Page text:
DIFFERENCE BETWEEN FRAGRANCE-FREE & UNSCENTED
Are these wonderfully pleasant fragrances and scents really harmful, and should you only go for fragrance-free products? You may be wondering what the difference is between fragrance-free and unscented products. It's important to note that the Food and Drug Administration does not regulate personal care products or cosmetics and that goes for fragrances as well.
WHAT IS FRAGRANCE AND WHY YOU SHOULD USE FRAGRANCE-FREE PRODUCTS
Fragrances are obviously added to products to make you or the product smell better. Fragrances are concoctions of many ingredients. The terms on the label may indicate: fragrance, perfume, parfum, essential oil, aroma.
According to the U.S. Department of Health and Human Services, over 3,000 chemical combinations are available for formulating fragrances. These can be synthetic or natural and do not have to be individually listed, but only under the umbrella name "fragrance".
Many of the chemicals have not been tested for safety, according to Environmental Working Group (EWG), the consumer non-profit consumer organization. You might have the notion that if it smells like fresh spring flowers, it's likely made of spring flowers. You couldn't be further from the truth.
The American Academy of Dermatology reports that fragrance allergy is the number one cause of cosmetic contact dermatitis in the U.S. They also indicate studies show there is a trend of increasing sensitization to fragrances worldwide. The non-profit consumer website, Environmental Working Group (EWG) lists some of the more problematic ingredients, even potentially toxic, used in fragrance:
- Phthalates, which are solvents that can damage liver, kidneys and lungs
- Endocrine disruptors such as benzophenone
- Essential oils that are typically extracted from plants; can have medicinal side effects
- Harsh preservatives
- Musk derived from secretions of male musk deer gland
- Anisyl alcohol
- 1,4-dichlorobenzene (in air fresheners) have been evaluated to be carcinogenic
- Balsam of Peru, and many others
Fragrance-free means none of these ingredients are included in your personal care, skin care or cosmetics your choosing to buy.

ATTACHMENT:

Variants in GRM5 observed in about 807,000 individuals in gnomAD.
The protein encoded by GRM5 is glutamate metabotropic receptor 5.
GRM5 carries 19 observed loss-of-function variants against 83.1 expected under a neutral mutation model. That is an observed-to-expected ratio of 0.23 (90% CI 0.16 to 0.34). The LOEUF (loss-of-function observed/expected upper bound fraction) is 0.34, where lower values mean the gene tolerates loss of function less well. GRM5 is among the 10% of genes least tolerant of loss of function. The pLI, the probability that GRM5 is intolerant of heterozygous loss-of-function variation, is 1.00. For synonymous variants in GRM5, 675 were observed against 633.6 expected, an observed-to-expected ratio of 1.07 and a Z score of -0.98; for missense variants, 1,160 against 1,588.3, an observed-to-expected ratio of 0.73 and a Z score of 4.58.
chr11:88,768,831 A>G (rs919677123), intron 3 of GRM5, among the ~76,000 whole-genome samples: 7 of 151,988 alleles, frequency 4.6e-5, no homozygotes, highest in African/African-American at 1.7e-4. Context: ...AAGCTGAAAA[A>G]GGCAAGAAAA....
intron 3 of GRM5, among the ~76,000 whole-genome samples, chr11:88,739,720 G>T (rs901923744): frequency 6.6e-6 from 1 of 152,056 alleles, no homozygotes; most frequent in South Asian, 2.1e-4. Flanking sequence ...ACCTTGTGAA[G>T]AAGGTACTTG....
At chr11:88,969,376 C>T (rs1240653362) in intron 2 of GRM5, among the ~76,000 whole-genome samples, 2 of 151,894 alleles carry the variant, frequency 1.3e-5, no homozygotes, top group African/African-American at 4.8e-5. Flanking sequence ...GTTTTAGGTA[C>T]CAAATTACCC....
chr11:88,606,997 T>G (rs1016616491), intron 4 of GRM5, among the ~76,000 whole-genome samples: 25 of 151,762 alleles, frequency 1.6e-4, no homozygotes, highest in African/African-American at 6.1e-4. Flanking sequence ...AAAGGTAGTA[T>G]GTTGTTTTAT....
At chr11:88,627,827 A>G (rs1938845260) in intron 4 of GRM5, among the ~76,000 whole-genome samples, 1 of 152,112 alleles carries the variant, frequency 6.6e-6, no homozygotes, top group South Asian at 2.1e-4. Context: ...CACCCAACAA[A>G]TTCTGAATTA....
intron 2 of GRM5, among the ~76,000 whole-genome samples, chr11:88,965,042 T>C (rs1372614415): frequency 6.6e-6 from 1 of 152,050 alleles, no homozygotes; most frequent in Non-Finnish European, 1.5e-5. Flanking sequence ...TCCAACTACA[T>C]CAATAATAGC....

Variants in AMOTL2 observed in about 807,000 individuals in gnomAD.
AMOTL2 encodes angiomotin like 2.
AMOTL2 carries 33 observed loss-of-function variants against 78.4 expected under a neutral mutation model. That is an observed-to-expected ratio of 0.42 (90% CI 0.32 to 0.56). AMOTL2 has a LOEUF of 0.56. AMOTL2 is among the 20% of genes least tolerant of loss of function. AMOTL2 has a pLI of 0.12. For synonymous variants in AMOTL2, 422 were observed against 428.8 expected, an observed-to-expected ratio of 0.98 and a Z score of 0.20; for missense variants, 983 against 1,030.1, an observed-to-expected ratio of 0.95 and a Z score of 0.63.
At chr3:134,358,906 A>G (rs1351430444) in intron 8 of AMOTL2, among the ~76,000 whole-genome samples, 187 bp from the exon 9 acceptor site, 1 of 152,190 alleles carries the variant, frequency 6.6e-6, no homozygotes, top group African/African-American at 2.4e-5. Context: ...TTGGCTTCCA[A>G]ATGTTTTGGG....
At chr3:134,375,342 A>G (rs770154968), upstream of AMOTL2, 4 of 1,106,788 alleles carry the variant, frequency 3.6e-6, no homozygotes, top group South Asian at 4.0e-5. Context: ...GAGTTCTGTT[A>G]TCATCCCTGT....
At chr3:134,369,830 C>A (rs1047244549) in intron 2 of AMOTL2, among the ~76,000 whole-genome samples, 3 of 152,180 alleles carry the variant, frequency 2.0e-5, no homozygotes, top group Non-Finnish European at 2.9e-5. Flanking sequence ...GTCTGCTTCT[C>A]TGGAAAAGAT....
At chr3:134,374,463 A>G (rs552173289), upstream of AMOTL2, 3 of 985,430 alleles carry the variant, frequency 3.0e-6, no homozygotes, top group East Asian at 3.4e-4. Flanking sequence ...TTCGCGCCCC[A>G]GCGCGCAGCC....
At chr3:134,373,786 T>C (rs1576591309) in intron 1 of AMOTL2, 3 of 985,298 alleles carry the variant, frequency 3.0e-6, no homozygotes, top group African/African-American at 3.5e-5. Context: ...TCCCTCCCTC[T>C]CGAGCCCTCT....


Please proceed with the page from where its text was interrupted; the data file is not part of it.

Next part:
WHAT IS UNSCENTED
Some raw ingredients may have a scent, which may be pleasant, and some not be pleasant but have a chemical smell to it. The term unscented may be used to mean a fragrance may have been used to mask an odor that is a natural part of the raw ingredient.
Raw ingredients that may have a natural scent and do not include fragrance chemicals, may include shea butter, cocoa butter, coconut oil, most herbs, olive oil, almond oil, honey, beeswax, and others. These types of raw materials or ingredients may not bother most people, but may be very annoying to others.
TRUTH IN LABELING
If you are chemically sensitive, you no doubt already know that there are certain things that can cause unpleasant reactions on your skin and in your body, and fragrances can be a huge culprit. You are not alone. There are millions of people all over the globe who are chemically sensitive and have experienced serious reactions to scented products.
Since the Food & Drug Administration (FDA) does not regulate skin care and personal care products, many dubious claims may be made on the label without any real substantiation in the form of testing.
Fragrances may exacerbate symptoms if you have asthma, allergies, or other health-related issues like upper respiratory problems or lung disease These reasons are exactly why you should choose fragrance-free products.
At Cleure, we have developed a line of skin care and makeup products that are formulated for sensitive skin that are fragrance free, and safe to use if you suffer from allergies or want to prevent sensitive skin from developing. Do your homework, find a reputable brand that offer only fragrance-free products, such as Cleure, that doesn't cause skin issues for you and stick with it.
If you suffer with many chemical sensitivities, it's always best to either have your dermatologist or allergist give you a list or do your own self-patch test. We offer simple steps to follow to do your own by visiting our page for self-patch test.
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